Attalus III was the son of king Eumenes II and his queen Stratonice of Pergamon, and was the nephew of Attalus II, whom he succeeded. "Philometor Euergetes" means "Loving-his-Mother, Benefactor" in Greek. He was so-called because of his close relationship with his mother Stratonice.
According to Livy, Attalus III had little interest in ruling Pergamon, devoting his time to studying medicine, botany, gardening, and other pursuits. He had no male children or heirs of his own, and in his will he left the kingdom to the Roman Republic, believing that if he did not then Rome would take the kingdom anyway and this way would avoid bloodshed. Tiberius Gracchus requested that the treasury of Pergamon be opened up to the Roman public, but the Senate refused this.
Not everyone in Pergamon accepted Rome's rule. Aristonicus, who claimed to be Attalus' brother as well as the son of Eumenes II, an earlier king, led a popular uprising with the help of the Roman philosopher, Blossius. The revolt was put down in 129 BC, and Pergamon was divided among Rome, Pontus, and Cappadocia.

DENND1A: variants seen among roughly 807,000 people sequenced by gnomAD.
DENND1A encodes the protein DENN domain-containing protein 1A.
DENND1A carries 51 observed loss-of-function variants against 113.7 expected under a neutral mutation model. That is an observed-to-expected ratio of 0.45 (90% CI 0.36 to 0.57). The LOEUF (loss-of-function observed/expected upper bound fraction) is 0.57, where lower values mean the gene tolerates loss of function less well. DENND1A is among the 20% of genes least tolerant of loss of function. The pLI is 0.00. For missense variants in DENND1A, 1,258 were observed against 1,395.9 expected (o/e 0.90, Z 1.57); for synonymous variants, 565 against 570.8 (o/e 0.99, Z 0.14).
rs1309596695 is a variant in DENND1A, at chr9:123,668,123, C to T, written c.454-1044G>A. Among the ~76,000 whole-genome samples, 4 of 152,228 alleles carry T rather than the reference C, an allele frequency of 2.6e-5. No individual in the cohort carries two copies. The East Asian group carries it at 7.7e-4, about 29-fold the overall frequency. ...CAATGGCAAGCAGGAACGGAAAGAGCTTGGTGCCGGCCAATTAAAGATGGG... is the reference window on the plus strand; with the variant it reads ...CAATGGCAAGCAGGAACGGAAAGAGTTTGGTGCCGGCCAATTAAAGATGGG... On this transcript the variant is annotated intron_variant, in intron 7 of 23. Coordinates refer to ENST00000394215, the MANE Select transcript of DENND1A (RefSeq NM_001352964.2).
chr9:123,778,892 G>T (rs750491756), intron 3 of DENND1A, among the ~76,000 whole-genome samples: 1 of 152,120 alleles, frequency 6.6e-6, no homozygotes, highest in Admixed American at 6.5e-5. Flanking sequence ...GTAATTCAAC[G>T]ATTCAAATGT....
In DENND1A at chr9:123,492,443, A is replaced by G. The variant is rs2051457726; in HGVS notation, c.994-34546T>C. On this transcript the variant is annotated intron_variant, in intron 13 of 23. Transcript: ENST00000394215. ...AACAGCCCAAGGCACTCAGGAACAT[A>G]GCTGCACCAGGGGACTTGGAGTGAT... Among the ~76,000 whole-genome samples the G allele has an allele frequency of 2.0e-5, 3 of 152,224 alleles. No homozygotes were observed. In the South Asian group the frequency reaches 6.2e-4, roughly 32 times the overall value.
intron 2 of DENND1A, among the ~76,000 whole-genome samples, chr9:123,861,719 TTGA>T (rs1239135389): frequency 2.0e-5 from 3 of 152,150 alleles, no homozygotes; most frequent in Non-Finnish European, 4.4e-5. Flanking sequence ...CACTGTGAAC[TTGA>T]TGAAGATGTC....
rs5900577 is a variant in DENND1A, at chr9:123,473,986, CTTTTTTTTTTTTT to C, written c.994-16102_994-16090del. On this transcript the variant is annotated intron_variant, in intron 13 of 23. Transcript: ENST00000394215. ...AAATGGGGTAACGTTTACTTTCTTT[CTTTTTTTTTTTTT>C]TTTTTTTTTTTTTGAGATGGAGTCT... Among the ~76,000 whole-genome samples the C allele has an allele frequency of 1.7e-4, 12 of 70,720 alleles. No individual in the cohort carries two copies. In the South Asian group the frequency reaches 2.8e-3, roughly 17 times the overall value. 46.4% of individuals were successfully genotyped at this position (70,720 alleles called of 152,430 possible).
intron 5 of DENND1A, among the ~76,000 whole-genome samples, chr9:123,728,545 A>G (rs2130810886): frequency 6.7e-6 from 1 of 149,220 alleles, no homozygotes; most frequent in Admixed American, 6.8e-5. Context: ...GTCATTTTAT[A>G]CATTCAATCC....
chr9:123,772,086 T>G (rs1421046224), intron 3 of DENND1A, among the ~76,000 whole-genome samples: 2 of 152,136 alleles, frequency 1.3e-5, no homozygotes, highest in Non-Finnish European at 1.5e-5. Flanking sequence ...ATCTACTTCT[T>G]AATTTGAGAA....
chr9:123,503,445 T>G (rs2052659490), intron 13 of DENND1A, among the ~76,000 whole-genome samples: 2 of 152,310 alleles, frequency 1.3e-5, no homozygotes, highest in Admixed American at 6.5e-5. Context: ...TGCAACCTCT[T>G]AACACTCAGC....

- Livy: Periochae 58
- Asimov, I. and F. White, The March of the Millenia (1991), p. 74
- Hansen, Esther V. (1971). The Attalids of Pergamon. Ithaca, New York: Cornell University Press; London: Cornell University Press Ltd. ISBN 0-8014-0615-3.
- Kosmetatou, Elizabeth (2003) "The Attalids of Pergamon," in Andrew Erskine, ed., A Companion to the Hellenistic World. Oxford: Blackwell: pp. 159–174. ISBN 1-4051-3278-7. text
- Simon Hornblower and Tony Spawforth, Who's Who (Classical World), pg. 61.
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